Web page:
Based on company-level data reported under Article 19 of Regulation (EU) No 517/2014 (EU F-gas Regulation), the indicator presents an assessment of the progress on EU HFC phase-down made under both EU legislation and the Kigali Amendment to the Montreal Protocol.
Methodology for indicator calculation
For progress under the EU HFC phase-down, placing on the market (POM) is calculated as follows for all HFCs and mixtures containing HFCs, with physical mass converted into CO2 equivalents using the GWPs of the IPCC’s AR4:
quota-relevant POM = quota-relevant physical POM + issued authorisations + imported RACHP equipment, where not covered by quota authorisations held by the importer, and where:
- quota-relevant physical POM (relevant starting 2015) = physical POM as given in section 4M of the reporting questionnaire - exempted quantities as given in section 5J of the reporting questionnaire;
- issued authorisations (relevant starting 2015) are those given in section 9A of the reporting questionnaire;
- imported RACHP equipment, where not covered by quota authorisations held by the importer (relevant starting 2017) = calculated amount of imported HFCs in need of authorisation to use HFC quota (as given in section 13D of the reporting questionnaire) - available authorisations, including delegations of authorisations (as given in section 13A of the reporting questionnaire).
Under the Montreal Protocol, the HFC phase-down is based on reducing HFC consumption. Consumption is calculated as production + bulk imports - bulk exports - destruction - feedstock use of HFCs.
All information provided to the European Commission and the EEA on transactions of F-gases in the EU is treated as strictly confidential. The Commission and the EEA have established procedures to ensure that all of the data relating to individual companies will be kept strictly confidential. No company-specific information is disclosed to the public; all company data are aggregated before publication. These procedures limit the release of data that might significantly rely on reports from less than three company groups. To this end, company groups that contribute less than 5 % do not count towards the 'three-company rule'. Concerns over confidentiality can be addressed to the European Commission or to the entity designated by the European Commission.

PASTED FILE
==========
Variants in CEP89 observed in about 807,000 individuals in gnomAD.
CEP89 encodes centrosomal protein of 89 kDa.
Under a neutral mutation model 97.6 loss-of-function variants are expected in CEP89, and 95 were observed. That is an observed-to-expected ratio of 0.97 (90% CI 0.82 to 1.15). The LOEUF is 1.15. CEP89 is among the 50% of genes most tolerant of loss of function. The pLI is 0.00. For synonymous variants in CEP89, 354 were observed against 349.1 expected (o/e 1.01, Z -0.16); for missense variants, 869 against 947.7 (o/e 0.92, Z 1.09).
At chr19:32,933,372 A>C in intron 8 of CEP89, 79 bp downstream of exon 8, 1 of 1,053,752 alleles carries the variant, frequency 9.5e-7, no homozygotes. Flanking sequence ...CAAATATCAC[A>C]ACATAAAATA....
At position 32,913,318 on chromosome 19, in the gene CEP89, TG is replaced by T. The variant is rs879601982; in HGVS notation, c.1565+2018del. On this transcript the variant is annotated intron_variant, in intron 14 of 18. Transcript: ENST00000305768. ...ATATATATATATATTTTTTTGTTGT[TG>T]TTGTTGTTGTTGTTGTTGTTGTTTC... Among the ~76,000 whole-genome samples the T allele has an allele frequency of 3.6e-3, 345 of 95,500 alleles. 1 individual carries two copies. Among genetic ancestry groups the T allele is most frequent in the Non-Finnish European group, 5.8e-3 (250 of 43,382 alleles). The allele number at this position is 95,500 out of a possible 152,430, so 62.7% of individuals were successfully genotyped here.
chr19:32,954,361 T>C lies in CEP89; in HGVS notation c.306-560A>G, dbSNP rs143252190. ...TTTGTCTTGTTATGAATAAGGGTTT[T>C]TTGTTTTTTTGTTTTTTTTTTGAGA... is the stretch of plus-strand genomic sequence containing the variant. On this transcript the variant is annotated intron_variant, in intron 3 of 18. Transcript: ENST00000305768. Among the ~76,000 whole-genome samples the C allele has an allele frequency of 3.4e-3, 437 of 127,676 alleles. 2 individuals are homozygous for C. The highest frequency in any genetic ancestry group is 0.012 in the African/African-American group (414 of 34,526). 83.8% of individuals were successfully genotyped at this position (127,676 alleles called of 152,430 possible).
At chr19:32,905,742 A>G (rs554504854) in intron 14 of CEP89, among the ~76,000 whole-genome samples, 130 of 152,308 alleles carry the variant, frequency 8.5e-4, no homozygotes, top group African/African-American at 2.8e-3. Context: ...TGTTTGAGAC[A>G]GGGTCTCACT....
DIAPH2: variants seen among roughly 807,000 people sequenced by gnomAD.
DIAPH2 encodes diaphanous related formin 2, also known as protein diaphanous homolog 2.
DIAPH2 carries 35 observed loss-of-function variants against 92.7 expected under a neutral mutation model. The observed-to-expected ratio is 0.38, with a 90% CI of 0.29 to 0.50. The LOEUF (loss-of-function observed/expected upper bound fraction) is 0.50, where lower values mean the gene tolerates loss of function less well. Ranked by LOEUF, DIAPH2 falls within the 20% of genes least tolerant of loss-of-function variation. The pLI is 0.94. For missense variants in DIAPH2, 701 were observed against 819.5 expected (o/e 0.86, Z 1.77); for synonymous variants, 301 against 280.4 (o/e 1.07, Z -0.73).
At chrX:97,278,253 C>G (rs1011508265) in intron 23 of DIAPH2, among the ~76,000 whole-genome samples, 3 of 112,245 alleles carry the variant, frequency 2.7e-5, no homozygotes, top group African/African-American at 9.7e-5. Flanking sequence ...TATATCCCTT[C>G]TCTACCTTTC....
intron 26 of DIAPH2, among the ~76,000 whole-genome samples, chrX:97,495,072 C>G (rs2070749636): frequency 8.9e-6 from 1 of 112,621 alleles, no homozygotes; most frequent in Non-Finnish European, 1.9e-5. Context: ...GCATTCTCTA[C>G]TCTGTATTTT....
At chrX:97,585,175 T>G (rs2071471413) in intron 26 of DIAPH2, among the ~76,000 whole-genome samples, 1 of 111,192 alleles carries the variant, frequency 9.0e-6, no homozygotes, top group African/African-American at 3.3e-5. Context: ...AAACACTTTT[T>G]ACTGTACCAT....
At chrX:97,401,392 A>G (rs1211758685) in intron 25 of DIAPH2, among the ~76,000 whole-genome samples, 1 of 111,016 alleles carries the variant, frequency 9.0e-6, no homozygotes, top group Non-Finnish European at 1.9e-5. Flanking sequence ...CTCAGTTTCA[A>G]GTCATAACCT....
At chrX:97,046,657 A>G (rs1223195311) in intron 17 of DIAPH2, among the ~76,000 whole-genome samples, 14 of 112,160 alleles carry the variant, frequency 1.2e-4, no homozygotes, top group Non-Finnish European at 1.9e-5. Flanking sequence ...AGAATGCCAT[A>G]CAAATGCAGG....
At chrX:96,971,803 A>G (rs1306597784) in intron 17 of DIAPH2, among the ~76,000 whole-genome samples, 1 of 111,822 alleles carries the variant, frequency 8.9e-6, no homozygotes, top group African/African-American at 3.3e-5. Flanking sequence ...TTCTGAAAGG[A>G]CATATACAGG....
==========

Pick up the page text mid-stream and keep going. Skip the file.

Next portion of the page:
Methodology for gap filling
No methodology references available.
Justification for indicator selection
Emissions of F-gases contribute to global warming and are included in the basket of greenhouse gases addressed in the UNFCCC Paris Agreement. F-gases presently account for around 3 % of overall greenhouse gas emissions in the EU-28. At European level, policy measures have been implemented since 2006 to reduce emissions by:
- targeting the 'leak-tightness' of equipment containing fluorinated gases;
- encouraging increased reclamation of used gases;
- banning the use of certain high-GWP gases in some applications for which more environmentally superior alternatives are available.
Furthermore, phase-down schemes for the use of HFCs were agreed within the EU in 2014 and globally under the Montreal Protocol in 2016.
- No rationale references available.
Fluorinated gases contribute to global warming, and emissions of fluorinated gases, which are not covered by the Montreal Protocol, are included under the UNFCCC. Since 2015, emission reporting for the full time series since 1990 has been carried out in accordance with the 2006 IPCC guidelines and uses the global warming potentials (GWPs) of the Fourth IPCC Assessment Report (AR4). For a list of fluorinated gases reportable under the UNFCCC, please refer to the indicator definition. Companies reporting under the 'old' EU F-gas Regulation (Regulation (EC) No 842/2006, applicable from 2007-2014) and under the revised, ‘new’, F-gas Regulation (Regulation (EU) No 517/2014, applicable since 2015) must cover an extended list of fluorinated gases.
At European level, two key legislative instruments focus on fluorinated gases:
- Regulation No 517/2014 on fluorinated greenhouse gases and repealing Regulation No 842/2006 (F-gas Regulation);
- Directive 2006/40/EC relating to emissions from air-conditioning systems in motor vehicles (MAC Directive).
The F-gas Regulation takes several approaches to reducing F-gas emissions: